Best vegan place for carnivores

Best place to introduce your kid to ramen

Best ice cream you won’t have to wait in line for

Best hidden date night spot


The vegan Shouk Burger includes pickled onions and tomato burst.

Best vegan place for carnivores
Shouk
655 K St. NW
Too many vegan restaurants fall victim to the same problem: They try to mimic meat with mock substitutes that can turn off your meat-eating friends. What I love about Shouk, the Middle Eastern-inspired fast-casual eatery that opened in Mount Vernon Square last year, is how chef Dennis Friedman’s dishes don’t pretend they’re something they’re not. Take the incredibly popular Shouk Burger. Instead of a prefab veggie patty meant to trick you into thinking it’s the real thing, Shouk uses a mixture of chickpeas, black beans, lentils, mushrooms, cauliflower and beets — most of which you can actually see when you take a bite. It’s shoved into a warm pita and topped with addictive tomato bursts, pickled turnip, arugula, charred onion and tahina sauce. Like the rest of Friedman’s dishes — rice and lentil bowls, salads and polenta fries — the burger works because it makes real veggies the star of the show. It’s enough to make you consider going vegan full time. Rudi Greenberg


Kids shouldn’t fuss with the ramen at Kanji-Kana. (Deb Lindsey/For The Washington Post)

Best place to introduce your kid to ramen
Kanji-Kana
1018 Vermont Ave. NW, third floor
Kanji-Kana may be one of the most kid-friendly restaurants that doesn’t even have a children’s menu. Poster frames filled with Pokémon cards hang on the walls while cheerfully unintelligible anime runs silently on the TV. The ramen portions are large — at least until you give your little angel a bite of the noodles and realize you have to fend off the kid with your chopsticks for the rest of your lunch. If your spawn has that charming childlike need to never have any foods touching ever, go for a bento box. Options include nonthreatening proteins like chicken teriyaki or shrimp tempura, accompanied by rice, a spring roll and other goodies (and they’ll drop in a packet of the Japanese cookie candy Pocky, which makes a great reward for trying one bite of the seaweed salad). Kristen Page-Kirby

Best ice cream you won’t have to wait in line for 
Islands Tropical Ice Cream
9324 Georgia Ave., Silver Spring
Foreign fruits often fall flat as ice cream flavors. They end up generically sweet and tasting nothing like the tropics or as an overly icy sorbet. But the product at Islands Tropical, formerly the Tropical Ice Cream Cafe, remains potently fruity and creamy. That’s because the shop serves up its ice cream from Rockville’s York Castle Ice Cream Company, which specializes in Jamaican flavors done right. Velvety consistency is a constant in classic flavors — the chocolate is as good as any in the D.C. area — and a welcome surprise in exotic fare such as guava, mango, passion fruit, lychee and soursop, made from the slightly sweet, slightly funky tropical fruit. It’s a pain to get into the tiny parking lot near Tropical — coming from D.C. means waiting for a U-turn at a congested stretch of Georgia Avenue — and once you get in, spaces are limited. Few dare the trek, so the reward for your trouble is a perpetually short wait for ice cream — or Tropical’s jerk wings and Jamaican beef patties, if you’re so inclined. Gabe Hiatt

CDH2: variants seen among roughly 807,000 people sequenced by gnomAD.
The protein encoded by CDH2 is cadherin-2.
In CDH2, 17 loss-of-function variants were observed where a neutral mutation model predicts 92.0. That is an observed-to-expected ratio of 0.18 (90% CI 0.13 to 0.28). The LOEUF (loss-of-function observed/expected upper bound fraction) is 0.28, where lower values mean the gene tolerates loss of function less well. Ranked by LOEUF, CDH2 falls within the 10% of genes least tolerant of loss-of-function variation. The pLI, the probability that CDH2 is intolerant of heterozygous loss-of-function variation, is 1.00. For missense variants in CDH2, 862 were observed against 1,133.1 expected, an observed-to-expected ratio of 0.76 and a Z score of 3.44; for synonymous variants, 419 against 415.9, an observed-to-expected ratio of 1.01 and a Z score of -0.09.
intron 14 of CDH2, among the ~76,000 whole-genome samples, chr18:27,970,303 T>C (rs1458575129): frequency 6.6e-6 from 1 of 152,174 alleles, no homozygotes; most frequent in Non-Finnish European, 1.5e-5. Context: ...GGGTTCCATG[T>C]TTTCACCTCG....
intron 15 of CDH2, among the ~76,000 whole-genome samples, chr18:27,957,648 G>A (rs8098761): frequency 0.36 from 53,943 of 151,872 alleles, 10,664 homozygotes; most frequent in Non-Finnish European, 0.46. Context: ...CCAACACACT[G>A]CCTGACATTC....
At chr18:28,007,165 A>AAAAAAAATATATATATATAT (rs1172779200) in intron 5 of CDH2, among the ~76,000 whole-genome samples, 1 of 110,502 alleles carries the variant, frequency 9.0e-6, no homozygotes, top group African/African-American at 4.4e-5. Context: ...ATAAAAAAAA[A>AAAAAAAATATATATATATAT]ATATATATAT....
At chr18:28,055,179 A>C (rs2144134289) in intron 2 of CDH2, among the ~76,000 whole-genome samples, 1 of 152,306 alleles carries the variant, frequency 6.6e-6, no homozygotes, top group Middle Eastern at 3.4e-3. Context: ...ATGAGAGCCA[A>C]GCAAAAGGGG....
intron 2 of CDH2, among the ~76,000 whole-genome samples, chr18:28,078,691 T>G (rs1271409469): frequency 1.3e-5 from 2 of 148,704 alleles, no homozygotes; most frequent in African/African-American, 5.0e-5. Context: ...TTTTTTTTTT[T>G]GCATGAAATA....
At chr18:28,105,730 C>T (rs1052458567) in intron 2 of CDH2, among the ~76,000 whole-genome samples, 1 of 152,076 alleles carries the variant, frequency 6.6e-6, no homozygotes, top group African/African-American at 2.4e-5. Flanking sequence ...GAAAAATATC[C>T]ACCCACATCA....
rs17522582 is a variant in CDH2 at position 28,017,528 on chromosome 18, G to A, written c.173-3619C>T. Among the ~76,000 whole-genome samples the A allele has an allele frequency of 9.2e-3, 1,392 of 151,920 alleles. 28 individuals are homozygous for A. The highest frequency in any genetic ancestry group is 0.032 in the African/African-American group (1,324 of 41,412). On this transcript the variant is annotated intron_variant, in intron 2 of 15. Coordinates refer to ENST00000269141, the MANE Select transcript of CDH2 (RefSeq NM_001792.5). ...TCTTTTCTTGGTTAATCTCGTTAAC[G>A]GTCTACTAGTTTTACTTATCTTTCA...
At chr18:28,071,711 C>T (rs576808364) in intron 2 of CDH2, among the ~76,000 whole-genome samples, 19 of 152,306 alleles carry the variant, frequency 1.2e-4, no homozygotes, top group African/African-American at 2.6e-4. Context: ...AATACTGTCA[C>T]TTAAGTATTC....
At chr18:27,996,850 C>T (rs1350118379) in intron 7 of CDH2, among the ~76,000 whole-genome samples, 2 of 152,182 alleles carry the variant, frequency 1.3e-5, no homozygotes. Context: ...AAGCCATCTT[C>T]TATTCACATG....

Best hidden date night spot
Sergio Ristorante Italiano
8727 Colesville Road, Silver Spring
Cut through the lobby of the DoubleTree in downtown Silver Spring, walk past the door to the garage and take a few steps down into Sergio Ristorante. Below the hotel, Luigi Toni keeps his father’s place humming, playing host, waiter and manager. The same waiters who have been charming patrons for years are still here, wearing crisp white shirts and ties and calling your date “bella” as they refill the wine. (Getting pleasantly drunk is likely, because a liter of house white costs $20.) The menu is two pages of Italian-American classics printed on laminated Microsoft Word documents, and it hasn’t changed either. The stuffed pork chop ($18) is bursting with spinach and gorgonzola and draped in brandy cream sauce. House-made pastas such as shrimp ravioli and ham and pea tortellini are soft and floating in pools of butter and cream. Romantic, cozy and dripping with nostalgia, this is the kind of place where everyone applauds as a grandma blows out her birthday candles. G.H.

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